Arts » Theater

Fight Night, Round 2

The bitches are back, and it's worse than you think.

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It's often been said in defense of some theatrical enterprise or another that while a production may not be genius, "It isn't exactly chopped liver." This begs the question: What exactly is chopped liver when it comes to a stage production? Well, we have found it. A huge, steaming pile of it.

Legends! is a misbegotten vehicle intended to be inhabited by two grand dames from the performance world. Instead, we are given Joan Collins and Linda Evans -- the brow-lifted, tucked-and-painted crypt-keepers who once scratched each other's eyes out on the '80s prime-time soap Dynasty. They're now reunited in a play that is so dreadful, Blake Carrington would have happily paid a Moldavian hit squad to massacre anyone responsible.

Written by James Kirkwood some 20 years ago, the show originally starred Carol Channing and Mary Martin as two fading and feuding actresses cast in a play mostly because of their ticket-selling potential. The show flopped before it made it to Broadway, and it had actual stars playing the parts. This cynical version was clearly assembled to lure aging, couch-bound, Cheetos-snuffling Dynasty devotees downtown to see a couple live celebrities in a real thee-ayter.

Trouble is, Alexis and Krystle . . . er, Joan and Linda can't shoot their performances in 15- or 30-second chunks or ask for retakes. And since neither actress has the faintest clue how to develop a character, let alone build and sustain a scene, the extended minutes the two are onstage together begin to feel like some exquisite torture devised by Blackwater mercenaries at Guantanamo.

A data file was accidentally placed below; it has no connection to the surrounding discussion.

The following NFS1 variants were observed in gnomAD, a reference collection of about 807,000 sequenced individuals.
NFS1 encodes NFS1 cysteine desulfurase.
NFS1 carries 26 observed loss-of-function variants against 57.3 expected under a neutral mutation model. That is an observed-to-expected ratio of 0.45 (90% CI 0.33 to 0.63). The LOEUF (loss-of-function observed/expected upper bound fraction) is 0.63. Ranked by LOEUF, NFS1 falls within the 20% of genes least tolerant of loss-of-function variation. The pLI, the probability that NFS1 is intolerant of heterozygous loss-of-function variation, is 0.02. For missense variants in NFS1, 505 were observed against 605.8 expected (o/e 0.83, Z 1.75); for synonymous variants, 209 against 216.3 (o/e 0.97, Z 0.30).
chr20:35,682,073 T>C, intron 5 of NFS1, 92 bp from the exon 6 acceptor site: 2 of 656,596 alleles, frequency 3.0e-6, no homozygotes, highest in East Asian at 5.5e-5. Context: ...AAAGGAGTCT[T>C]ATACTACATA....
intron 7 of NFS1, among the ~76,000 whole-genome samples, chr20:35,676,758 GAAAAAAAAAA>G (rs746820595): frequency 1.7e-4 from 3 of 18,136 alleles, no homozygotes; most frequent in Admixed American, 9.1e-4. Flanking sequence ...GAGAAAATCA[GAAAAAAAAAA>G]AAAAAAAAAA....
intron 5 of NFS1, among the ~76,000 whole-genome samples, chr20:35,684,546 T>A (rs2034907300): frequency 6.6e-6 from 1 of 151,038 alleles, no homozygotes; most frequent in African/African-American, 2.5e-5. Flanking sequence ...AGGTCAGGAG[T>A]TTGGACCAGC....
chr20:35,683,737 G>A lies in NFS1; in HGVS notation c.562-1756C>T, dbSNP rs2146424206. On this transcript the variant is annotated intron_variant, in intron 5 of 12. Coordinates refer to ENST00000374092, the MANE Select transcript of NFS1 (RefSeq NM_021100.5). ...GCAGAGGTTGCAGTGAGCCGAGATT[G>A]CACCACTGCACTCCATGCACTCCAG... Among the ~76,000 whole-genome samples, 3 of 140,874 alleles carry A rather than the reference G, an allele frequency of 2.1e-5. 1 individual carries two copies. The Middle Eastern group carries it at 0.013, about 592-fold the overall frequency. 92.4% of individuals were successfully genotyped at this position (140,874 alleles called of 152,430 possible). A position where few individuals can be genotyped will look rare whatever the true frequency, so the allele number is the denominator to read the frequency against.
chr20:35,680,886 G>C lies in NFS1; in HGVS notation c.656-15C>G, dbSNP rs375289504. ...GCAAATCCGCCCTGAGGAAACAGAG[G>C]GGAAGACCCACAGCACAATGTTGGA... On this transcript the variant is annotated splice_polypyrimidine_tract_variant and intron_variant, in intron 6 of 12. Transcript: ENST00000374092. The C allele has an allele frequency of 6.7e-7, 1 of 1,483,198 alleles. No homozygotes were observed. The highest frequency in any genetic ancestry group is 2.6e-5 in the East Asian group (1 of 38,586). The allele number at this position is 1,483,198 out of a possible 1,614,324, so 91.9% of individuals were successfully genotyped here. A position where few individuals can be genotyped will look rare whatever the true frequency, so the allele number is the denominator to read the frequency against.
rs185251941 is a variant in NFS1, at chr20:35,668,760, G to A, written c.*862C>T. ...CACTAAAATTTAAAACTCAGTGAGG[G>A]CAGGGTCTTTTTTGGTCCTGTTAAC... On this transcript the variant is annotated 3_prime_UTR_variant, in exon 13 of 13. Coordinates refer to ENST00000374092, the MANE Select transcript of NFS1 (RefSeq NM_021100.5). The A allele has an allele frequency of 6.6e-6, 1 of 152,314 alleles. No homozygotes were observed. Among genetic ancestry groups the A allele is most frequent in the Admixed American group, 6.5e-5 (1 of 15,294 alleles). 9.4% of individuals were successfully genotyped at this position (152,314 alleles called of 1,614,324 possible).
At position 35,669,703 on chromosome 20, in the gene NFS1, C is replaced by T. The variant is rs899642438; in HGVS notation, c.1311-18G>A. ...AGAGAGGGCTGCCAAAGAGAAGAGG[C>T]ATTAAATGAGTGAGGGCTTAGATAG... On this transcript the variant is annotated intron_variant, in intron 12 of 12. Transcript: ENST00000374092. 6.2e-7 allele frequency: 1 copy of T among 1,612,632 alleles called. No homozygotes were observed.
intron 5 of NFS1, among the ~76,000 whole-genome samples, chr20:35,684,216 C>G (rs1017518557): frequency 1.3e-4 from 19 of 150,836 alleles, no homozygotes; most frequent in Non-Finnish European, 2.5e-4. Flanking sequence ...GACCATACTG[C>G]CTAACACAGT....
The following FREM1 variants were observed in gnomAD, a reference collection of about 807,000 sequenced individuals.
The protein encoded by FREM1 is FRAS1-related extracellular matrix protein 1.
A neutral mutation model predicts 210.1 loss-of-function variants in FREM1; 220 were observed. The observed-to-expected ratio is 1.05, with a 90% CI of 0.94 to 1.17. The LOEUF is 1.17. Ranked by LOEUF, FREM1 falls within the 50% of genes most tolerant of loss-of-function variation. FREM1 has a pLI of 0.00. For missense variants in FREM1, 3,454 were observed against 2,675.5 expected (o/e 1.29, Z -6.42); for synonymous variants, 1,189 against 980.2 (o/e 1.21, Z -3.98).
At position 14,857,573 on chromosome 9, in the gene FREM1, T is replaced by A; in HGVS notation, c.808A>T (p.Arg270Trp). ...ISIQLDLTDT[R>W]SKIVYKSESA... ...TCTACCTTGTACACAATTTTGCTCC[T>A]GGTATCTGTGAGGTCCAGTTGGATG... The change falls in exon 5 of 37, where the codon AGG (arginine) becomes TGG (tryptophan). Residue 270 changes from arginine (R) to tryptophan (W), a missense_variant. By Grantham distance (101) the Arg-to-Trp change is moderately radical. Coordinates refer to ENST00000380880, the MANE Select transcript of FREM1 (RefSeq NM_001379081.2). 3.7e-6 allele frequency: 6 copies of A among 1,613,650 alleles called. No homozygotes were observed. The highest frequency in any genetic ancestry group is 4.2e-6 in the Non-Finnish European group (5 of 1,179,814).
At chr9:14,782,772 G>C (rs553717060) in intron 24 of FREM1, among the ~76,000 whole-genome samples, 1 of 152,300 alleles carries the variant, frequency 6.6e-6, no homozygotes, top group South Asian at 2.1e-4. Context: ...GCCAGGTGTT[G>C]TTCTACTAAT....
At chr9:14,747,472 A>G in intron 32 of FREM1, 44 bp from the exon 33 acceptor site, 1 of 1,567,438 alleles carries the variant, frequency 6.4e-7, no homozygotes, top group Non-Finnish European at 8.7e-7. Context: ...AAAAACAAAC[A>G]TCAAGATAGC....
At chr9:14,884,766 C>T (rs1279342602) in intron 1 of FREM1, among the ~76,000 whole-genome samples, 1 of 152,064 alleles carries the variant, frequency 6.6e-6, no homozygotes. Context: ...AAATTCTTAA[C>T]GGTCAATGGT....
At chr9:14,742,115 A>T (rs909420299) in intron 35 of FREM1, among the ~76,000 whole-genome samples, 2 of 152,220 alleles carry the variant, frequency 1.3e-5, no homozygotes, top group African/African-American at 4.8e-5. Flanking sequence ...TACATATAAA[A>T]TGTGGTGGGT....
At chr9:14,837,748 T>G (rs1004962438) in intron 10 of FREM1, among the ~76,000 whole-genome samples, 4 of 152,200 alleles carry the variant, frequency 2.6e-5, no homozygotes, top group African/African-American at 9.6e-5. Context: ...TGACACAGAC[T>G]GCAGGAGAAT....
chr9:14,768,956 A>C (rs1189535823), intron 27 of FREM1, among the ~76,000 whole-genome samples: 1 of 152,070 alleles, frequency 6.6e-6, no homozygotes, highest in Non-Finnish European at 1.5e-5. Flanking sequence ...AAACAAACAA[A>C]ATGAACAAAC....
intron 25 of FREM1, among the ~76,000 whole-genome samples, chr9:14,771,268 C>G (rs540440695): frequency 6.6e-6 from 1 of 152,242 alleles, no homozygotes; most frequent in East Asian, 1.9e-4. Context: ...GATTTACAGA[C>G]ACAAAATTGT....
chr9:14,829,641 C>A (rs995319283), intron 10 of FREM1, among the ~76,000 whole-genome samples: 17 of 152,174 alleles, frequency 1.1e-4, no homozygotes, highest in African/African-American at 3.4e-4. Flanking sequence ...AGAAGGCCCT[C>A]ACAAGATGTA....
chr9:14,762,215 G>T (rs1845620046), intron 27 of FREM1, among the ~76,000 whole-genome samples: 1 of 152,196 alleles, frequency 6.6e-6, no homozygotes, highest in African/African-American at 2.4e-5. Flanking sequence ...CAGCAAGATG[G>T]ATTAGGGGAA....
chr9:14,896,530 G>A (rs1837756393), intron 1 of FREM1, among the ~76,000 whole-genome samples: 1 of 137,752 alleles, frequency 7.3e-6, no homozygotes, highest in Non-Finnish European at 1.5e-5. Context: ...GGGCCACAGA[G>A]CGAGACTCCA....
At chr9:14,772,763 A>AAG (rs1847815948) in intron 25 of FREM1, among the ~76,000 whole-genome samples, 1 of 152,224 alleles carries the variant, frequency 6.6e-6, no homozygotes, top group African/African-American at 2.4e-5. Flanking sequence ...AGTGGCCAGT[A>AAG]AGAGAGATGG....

Collins does fare a bit better, simply because she has the ability to speak audibly. Evans talks in a breathy monotone that might work on a soundstage, but nearly disappears in the cavernous Palace Theatre. Sadly, each is also decked out in age-inappropriate wigs, which are meant to recall their glory days, but just come off as pathetic.

In fairness, it's not all their fault, since Kirkwood's script is almost unfailingly moronic and predictable, launching lame insults like "You're so old, you must have come to Hollywood in a covered wagon." The comeback: "Yeah, but at least I was riding in the wagon, not pulling it." In another moment, Collins tells the black maid to "go into the kitchen, and pick some cotton."

If you've already purchased tickets as part of a subscription plan, and you can't give them to someone you never plan to speak to again, here's the deal: Settle back and enjoy watching Joe Farrell (who plays a young producer) go crazy after being fed hash-laced brownies. It's wildly inaccurate as such buzzes go, but still funny. Amuse yourself with Tonye Patano's Nell Carter impression as the sassy maid. And take notice of Will Holman's high-energy striptease, which includes a standing jump onto a baby grand.

But try to block out the stars. Consider it an act of mercy for everyone involved.

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